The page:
- Tax bill set for passage this week
- Individual mandate requirement set to lapse
- CPI gains momentum in November, +0.4%
- Atlanta Fed business inflation expectations edge higher, 2.1% Y/Y
- First full week of data for jobless claims (225k) in December indicates further tightening of the job market
- New York Fed raises Q4 GDP guidance
As expected, last week’s equity market trading was largely focused on the tax bill winding its way through reconciliation. With each barrier to passage eliminated through negotiation, equity markets gained traction. It was a solid week for equity investors. The S&P 500 (^GSPC) tacked on 0.8% while the Dow (^DJI) added 1.3% and the Nasdaq Composite (^IXIC) moved 1.1% higher. In all three cases, nearly all of the week’s index gains came on Friday. Expectations are for the U.S. tax code legislation to be voted on this Tuesday — just in time for year’s end.
A bit lost in the sauce last week was the expected move by the FOMC to raise rates by 25 bps. The move to tighten was so widely expected that neither equity markets nor credit markets reacted. In short, it was baked into prices before the announcement. In some respects that lack of market reaction was a policy win for Chair Janet Yellen in that she has taken great pains to eliminate the volatility and misdirection that has historically been the result of the Federal Reserve’s opaque process.
This week’s economic calendar focuses on, among other things, housing. Today, the Housing Market Index hit an 18-year high. In the following days, we also get housing starts data, mortgage application data, existing home and new home sales figures. It is also that time on the calendar when we get a good look at the Fed’s data for regional districts. We receive the Philadelphia Fed Business Outlook Survey, the Chicago National Activity Index and the Kansas City Fed Manufacturing Index.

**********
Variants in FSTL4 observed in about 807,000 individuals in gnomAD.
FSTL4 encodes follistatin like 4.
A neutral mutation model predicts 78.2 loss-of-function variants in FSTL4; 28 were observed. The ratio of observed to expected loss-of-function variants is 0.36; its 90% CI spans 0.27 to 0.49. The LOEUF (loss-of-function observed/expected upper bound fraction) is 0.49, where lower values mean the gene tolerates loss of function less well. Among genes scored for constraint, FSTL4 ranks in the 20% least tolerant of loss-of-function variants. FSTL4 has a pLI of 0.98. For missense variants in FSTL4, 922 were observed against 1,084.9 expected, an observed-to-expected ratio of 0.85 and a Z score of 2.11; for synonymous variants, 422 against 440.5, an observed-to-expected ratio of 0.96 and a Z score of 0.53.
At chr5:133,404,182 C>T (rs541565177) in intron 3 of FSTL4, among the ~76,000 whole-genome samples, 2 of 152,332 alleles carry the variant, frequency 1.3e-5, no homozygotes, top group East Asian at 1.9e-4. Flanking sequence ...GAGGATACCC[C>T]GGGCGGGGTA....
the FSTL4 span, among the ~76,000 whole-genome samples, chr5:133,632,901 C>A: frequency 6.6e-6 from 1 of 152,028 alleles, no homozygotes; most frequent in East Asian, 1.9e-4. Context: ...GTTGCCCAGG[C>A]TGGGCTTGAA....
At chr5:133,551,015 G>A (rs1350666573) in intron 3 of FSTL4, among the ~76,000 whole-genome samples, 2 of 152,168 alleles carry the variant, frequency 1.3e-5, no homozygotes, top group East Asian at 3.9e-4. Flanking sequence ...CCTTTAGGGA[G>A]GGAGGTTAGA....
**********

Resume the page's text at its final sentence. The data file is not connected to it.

Potentially the most interesting data of the week will come on Thursday when the third estimate of GDP for Q3 is released. Bloomberg consensus is calling for 3.3%, unchanged from the second reading, which rose .3% from the initial. What makes this reading so interesting is that the New York Fed last Friday raised its estimate of the Q4 US GDP closer to 4% based on the economic acceleration and revisions to data we have seen materialize recently.
The “Nowcast” modeling that the New York Fed uses to gauge real-time activity seems to suggest that Q4 GDP will be substantially stronger than the figures posted for Q3. According to the New York Fed, the economy is expanding at an annualized rate of 3.98% in the fourth quarter. Given that data as a backdrop and tax reform’s potential to add additional momentum to business activity and economic growth in coming quarters it appears as though 2018 is setting up to be a solid year for equity investors.
That seemingly constructive landscape could of course be unsettled by any number of variables currently unaccounted for by investors. The list of variables must by necessity include the ongoing special counsel investigation being led by Robert Mueller. It seems as though there are new revelations about the investigative team daily. Additionally, it appears as though the focus of the investigative effort has morphed from collusion to obstruction to confusion. There really is no way of knowing what the ultimate outcome or charges will even look like, or for that matter, when the investigation will conclude.
Commentary by Sam Stovall, chief investment strategist at CFRA Research
Last week’s fifth 25-basis point rate hike in short-term interest rates by the FOMC since December 2015 moves the current tightening cycle into a tie for sixth place for the greatest number of rate actions in a single cycle. The highest count belongs to the cycle started in 2004, when the Fed raised Fed funds on 17 separate occasions. Second place belongs to the cycle started in 1977, when the Fed raised the discount rate 14 times. Should the FOMC continue tightening rates three more times through the end of 2018, as we project, this cycle will end up being the second-longest at 36 months, but well behind the 81-month discount-rate tightening cycle that lasted from 1946 through 1953 following the post-war boom that saw U.S. Real GDP grow at a more-than 5% compound annual growth rate. During the current economic expansion, which started in June 2009, real GDP has risen by less than half that rate at only 2.2%.
8:30 AM Housing Starts
8:30 AM Current Account
8:55 AM Redbook
Neel Kashkari, 1:10 PM
7:00 AM MBA Mortgage Applications
10:00 AM Existing Home Sales
10:30 AM EIA Petroleum Status report
8:30 AM GDP
8:30 AM Weekly Jobless Claims
8:30 AM Philadelphia Fed Business Outlook Survey
8:30 AM Chicago Fed National Activity Index
8:30 AM Corporate Profits
9:00 AM FHFA House Price Index
9:45 AM Bloomberg Consumer Comfort Index
10:00 AM Leading Indicators
8:30 AM Durable Goods Orders
8:30 AM Personal Income and Outlays
10:00 AM New Home Sales
10:00 AM Consumer Sentiment
11:00 AM Kansas City Fed Manufacturing Index
1:00 PM Baker-Hughes rig Count
(All times are Eastern Standard.)